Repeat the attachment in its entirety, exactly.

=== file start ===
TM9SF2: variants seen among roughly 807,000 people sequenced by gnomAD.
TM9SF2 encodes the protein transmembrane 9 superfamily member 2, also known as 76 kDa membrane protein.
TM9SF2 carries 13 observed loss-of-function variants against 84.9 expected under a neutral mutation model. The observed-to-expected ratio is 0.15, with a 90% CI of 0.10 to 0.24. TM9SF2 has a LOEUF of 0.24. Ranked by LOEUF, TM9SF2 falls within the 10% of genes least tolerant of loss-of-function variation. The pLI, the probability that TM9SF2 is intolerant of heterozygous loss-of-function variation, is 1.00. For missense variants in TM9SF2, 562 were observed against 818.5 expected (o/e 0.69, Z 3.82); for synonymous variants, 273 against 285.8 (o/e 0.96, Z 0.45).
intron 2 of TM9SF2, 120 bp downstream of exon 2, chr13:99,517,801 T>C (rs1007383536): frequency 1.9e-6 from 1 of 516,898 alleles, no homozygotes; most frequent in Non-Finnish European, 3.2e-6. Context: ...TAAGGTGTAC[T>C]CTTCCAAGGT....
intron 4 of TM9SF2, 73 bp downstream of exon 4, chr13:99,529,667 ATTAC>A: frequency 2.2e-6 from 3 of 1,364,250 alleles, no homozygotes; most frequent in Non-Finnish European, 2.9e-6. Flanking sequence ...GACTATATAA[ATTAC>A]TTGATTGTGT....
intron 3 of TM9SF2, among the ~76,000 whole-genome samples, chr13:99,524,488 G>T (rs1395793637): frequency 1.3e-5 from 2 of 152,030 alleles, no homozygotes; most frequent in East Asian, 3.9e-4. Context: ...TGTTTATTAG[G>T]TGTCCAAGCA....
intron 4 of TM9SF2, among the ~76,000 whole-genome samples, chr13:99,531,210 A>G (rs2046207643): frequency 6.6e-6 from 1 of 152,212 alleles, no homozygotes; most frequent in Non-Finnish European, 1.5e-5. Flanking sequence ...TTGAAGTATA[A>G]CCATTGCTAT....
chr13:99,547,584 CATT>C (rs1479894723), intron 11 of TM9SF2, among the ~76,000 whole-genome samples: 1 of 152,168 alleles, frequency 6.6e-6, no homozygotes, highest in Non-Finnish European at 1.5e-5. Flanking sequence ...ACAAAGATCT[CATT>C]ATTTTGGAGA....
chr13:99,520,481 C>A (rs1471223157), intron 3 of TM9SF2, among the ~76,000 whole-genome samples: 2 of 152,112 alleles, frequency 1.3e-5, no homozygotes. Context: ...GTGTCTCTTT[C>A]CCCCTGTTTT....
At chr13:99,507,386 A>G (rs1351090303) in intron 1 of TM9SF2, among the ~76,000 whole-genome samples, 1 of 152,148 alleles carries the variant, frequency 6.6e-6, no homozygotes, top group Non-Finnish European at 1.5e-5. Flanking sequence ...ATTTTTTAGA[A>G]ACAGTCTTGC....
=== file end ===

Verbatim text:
TM9SF2: variants seen among roughly 807,000 people sequenced by gnomAD.
TM9SF2 encodes the protein transmembrane 9 superfamily member 2, also known as 76 kDa membrane protein.
TM9SF2 carries 13 observed loss-of-function variants against 84.9 expected under a neutral mutation model. The observed-to-expected ratio is 0.15, with a 90% CI of 0.10 to 0.24. TM9SF2 has a LOEUF of 0.24. Ranked by LOEUF, TM9SF2 falls within the 10% of genes least tolerant of loss-of-function variation. The pLI, the probability that TM9SF2 is intolerant of heterozygous loss-of-function variation, is 1.00. For missense variants in TM9SF2, 562 were observed against 818.5 expected (o/e 0.69, Z 3.82); for synonymous variants, 273 against 285.8 (o/e 0.96, Z 0.45).
intron 2 of TM9SF2, 120 bp downstream of exon 2, chr13:99,517,801 T>C (rs1007383536): frequency 1.9e-6 from 1 of 516,898 alleles, no homozygotes; most frequent in Non-Finnish European, 3.2e-6. Context: ...TAAGGTGTAC[T>C]CTTCCAAGGT....
intron 4 of TM9SF2, 73 bp downstream of exon 4, chr13:99,529,667 ATTAC>A: frequency 2.2e-6 from 3 of 1,364,250 alleles, no homozygotes; most frequent in Non-Finnish European, 2.9e-6. Flanking sequence ...GACTATATAA[ATTAC>A]TTGATTGTGT....
intron 3 of TM9SF2, among the ~76,000 whole-genome samples, chr13:99,524,488 G>T (rs1395793637): frequency 1.3e-5 from 2 of 152,030 alleles, no homozygotes; most frequent in East Asian, 3.9e-4. Context: ...TGTTTATTAG[G>T]TGTCCAAGCA....
intron 4 of TM9SF2, among the ~76,000 whole-genome samples, chr13:99,531,210 A>G (rs2046207643): frequency 6.6e-6 from 1 of 152,212 alleles, no homozygotes; most frequent in Non-Finnish European, 1.5e-5. Flanking sequence ...TTGAAGTATA[A>G]CCATTGCTAT....
chr13:99,547,584 CATT>C (rs1479894723), intron 11 of TM9SF2, among the ~76,000 whole-genome samples: 1 of 152,168 alleles, frequency 6.6e-6, no homozygotes, highest in Non-Finnish European at 1.5e-5. Flanking sequence ...ACAAAGATCT[CATT>C]ATTTTGGAGA....
chr13:99,520,481 C>A (rs1471223157), intron 3 of TM9SF2, among the ~76,000 whole-genome samples: 2 of 152,112 alleles, frequency 1.3e-5, no homozygotes. Context: ...GTGTCTCTTT[C>A]CCCCTGTTTT....
At chr13:99,507,386 A>G (rs1351090303) in intron 1 of TM9SF2, among the ~76,000 whole-genome samples, 1 of 152,148 alleles carries the variant, frequency 6.6e-6, no homozygotes, top group Non-Finnish European at 1.5e-5. Flanking sequence ...ATTTTTTAGA[A>G]ACAGTCTTGC....